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Companies can’t recover attorney fees from general contractor

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The judgments awarded against the general contractor in the construction of a Portage movie theater are supported by the evidence, the Indiana Court of Appeals affirmed Wednesday. But, the trial court should not have awarded the contractors who sued attorney fees under the mechanic’s lien statute.

Roncelli served as general contractor on the project, in which Goodrich leased property to construct the theatre. Roncelli hired as contractors Wilson Iron to provide the steel structure of the theater, Fostcorp to provide HVAC and Johnson Carpet to install carpet in the theater.

The roof framing plans did not use the industry standard symbol to depict that the joist girders would be modified to allow HVAC ductwork to pass through. Because the hourglass mark used on the plans was meaningless to Wilson Iron, it ignored it and created standard joist girders. Because of the joist issues, Fostcorp had to modify its plans to install the HVAC. There were also issues involving the ordering and installation of the carpet.

All of these issues led Wilson Iron, Fostcorp and Johnson Carpet to file mechanic’s liens for unpaid work. The trial court ultimately awarded more than half a million dollars to Fostcorp against Roncelli, plus nearly $100,000 in attorney fees; more than $400,000 to Wilson Iron against Roncelli, plus nearly $300,000 in attorney fees; and more than $55,000, plus pre-judgment interest in favor of Johnson Carpet against the general contractor.

Roncelli appealed, which the Court of Appeals affirmed, except with respect to the award of attorney fees. The purpose of the mechanic’s lien statutes is to make a property owner an involuntary guarantor of payments for the reasonable value of improvements made to real estate by labor or materials furnished by laborers or materialmen, Judge Margret Robb wrote in Goodrich Quality Theaters, Inc. and Roncelli, Inc. v. Fostcorp Heating and Cooling, Inc., Wilson Iron Works, Inc., Johnson Carpet, Inc., d/b/a Johnson Commercial Interiors, 64A03-1308-PL-318.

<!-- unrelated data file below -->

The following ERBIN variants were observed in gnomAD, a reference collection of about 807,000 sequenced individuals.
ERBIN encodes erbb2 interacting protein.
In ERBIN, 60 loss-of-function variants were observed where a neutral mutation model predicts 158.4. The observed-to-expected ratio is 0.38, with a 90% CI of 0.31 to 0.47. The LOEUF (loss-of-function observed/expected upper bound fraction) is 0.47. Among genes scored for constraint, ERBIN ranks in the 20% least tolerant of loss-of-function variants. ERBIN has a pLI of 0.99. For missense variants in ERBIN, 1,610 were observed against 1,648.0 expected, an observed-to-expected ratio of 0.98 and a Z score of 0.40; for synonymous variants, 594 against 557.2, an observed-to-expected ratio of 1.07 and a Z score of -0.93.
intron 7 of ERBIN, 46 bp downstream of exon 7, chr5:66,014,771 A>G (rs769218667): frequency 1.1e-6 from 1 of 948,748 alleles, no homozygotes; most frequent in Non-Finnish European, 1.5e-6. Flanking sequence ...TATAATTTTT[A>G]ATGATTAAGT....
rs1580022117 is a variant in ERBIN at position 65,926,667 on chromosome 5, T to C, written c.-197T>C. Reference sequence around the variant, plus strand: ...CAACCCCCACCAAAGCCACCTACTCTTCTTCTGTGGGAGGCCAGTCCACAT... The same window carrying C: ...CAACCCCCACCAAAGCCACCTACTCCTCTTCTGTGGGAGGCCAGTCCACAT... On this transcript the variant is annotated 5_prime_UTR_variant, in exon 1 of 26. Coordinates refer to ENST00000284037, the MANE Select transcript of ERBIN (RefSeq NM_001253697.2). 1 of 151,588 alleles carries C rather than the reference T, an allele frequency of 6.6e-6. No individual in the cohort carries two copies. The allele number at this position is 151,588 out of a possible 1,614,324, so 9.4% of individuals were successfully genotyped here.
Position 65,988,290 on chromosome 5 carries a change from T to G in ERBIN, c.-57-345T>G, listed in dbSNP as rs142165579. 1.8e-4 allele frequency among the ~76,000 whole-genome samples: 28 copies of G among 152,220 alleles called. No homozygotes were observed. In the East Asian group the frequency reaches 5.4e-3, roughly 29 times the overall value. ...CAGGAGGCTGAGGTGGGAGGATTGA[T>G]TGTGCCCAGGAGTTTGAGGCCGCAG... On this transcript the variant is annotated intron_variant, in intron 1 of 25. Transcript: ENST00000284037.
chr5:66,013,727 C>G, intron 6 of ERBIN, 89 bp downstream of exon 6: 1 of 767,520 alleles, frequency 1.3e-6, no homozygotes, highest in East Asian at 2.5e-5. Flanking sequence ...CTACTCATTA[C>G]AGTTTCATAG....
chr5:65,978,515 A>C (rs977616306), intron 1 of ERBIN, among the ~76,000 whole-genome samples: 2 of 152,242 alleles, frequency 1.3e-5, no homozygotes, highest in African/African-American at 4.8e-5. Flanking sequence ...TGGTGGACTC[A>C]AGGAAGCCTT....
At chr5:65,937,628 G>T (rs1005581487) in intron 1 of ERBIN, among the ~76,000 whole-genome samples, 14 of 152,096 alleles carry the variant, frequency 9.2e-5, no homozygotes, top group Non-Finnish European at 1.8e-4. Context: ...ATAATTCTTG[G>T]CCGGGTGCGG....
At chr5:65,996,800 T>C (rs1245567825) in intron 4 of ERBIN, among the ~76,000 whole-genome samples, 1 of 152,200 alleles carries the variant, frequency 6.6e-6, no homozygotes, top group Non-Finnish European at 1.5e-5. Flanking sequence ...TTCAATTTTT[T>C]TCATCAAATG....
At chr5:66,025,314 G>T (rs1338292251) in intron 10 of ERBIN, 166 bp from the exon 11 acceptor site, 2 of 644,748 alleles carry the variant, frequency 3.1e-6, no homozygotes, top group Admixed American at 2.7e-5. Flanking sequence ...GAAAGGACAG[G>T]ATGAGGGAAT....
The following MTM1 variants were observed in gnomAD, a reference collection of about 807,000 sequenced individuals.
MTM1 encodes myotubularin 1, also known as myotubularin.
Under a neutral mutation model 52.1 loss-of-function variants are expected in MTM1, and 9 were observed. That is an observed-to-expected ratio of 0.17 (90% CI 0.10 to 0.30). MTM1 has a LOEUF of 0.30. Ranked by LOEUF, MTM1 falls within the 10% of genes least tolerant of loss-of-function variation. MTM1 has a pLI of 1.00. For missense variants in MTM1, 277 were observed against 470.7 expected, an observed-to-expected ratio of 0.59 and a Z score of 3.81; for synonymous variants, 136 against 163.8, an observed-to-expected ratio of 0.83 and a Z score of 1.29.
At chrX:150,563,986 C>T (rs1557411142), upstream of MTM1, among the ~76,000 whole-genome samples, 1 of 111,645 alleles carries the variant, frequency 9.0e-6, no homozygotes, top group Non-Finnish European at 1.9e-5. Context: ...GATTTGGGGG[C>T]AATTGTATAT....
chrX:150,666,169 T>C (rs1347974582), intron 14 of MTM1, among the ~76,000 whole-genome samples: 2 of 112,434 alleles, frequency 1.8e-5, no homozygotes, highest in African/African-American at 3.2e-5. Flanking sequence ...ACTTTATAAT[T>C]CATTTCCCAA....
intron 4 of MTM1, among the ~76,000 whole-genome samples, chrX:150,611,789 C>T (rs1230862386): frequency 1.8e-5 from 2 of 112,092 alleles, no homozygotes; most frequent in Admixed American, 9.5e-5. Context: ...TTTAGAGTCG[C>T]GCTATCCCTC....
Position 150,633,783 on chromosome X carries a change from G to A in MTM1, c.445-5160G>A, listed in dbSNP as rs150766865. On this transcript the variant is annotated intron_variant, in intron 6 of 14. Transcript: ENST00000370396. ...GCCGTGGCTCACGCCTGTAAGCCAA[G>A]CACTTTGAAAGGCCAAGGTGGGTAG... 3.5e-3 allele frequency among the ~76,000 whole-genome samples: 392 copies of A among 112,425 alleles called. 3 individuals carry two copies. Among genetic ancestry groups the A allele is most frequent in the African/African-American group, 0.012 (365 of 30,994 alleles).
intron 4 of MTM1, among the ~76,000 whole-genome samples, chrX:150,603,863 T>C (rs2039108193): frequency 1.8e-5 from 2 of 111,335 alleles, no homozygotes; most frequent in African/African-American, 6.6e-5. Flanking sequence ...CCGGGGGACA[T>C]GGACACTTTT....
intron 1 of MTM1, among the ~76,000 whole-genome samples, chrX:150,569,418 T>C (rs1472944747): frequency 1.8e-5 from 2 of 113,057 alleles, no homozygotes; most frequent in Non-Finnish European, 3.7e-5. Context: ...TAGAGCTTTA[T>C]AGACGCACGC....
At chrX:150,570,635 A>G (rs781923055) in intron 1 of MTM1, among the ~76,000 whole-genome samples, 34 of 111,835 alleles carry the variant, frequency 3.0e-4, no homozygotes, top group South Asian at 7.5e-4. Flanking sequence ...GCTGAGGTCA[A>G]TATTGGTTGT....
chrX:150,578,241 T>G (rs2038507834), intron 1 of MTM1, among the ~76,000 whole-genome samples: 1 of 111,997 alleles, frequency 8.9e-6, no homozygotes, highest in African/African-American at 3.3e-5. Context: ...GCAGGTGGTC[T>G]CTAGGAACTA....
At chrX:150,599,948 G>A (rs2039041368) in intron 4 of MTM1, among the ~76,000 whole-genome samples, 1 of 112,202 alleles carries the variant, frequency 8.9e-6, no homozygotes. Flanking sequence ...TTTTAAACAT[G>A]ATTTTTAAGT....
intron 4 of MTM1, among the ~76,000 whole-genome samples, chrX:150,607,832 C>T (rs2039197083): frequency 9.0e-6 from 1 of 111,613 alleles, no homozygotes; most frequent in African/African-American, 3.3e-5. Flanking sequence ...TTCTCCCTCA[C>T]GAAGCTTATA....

“As Roncelli is not the owner of the real estate or the structure, a mechanic’s lien cannot be enforced against it and subsequent attorney fees under that code provision are inapplicable,” she wrote. “Therefore, each award of attorney fees based on Indiana Code section 32-28-3-14 against Roncelli must (be) reversed.”
 

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  1. The practitioners and judges who hail E-filing as the Saviour of the West need to contain their respective excitements. E-filing is federal court requires the practitioner to cram his motion practice into pigeonholes created by IT people. Compound motions or those seeking alternative relief are effectively barred, unless the practitioner wants to receive a tart note from some functionary admonishing about the "problem". E-filing is just another method by which courts and judges transfer their burden to practitioners, who are the really the only powerless components of the system. Of COURSE it is easier for the court to require all of its imput to conform to certain formats, but this imposition does NOT improve the quality of the practice of law and does NOT improve the ability of the practitioner to advocate for his client or to fashion pleadings that exactly conform to his client's best interests. And we should be very wary of the disingenuous pablum about the costs. The courts will find a way to stick it to the practitioner. Lake County is a VERY good example of this rapaciousness. Any one who does not believe this is invited to review the various special fees that system imposes upon practitioners- as practitioners- and upon each case ON TOP of the court costs normal in every case manually filed. Jurisprudence according to Aldous Huxley.

  2. Any attorneys who practice in federal court should be able to say the same as I can ... efiling is great. I have been doing it in fed court since it started way back. Pacer has its drawbacks, but the ability to hit an e-docket and pull up anything and everything onscreen is a huge plus for a litigator, eps the sole practitioner, who lacks a filing clerk and the paralegal support of large firms. Were I an Indiana attorney I would welcome this great step forward.

  3. Can we get full disclosure on lobbyist's payments to legislatures such as Mr Buck? AS long as there are idiots that are disrespectful of neighbors and intent on shooting fireworks every night, some kind of regulations are needed.

  4. I am the mother of the child in this case. My silence on the matter was due to the fact that I filed, both in Illinois and Indiana, child support cases. I even filed supporting documentation with the Indiana family law court. Not sure whether this information was provided to the court of appeals or not. Wish the case was done before moving to Indiana, because no matter what, there is NO WAY the state of Illinois would have allowed an appeal on a child support case!

  5. "No one is safe when the Legislature is in session."

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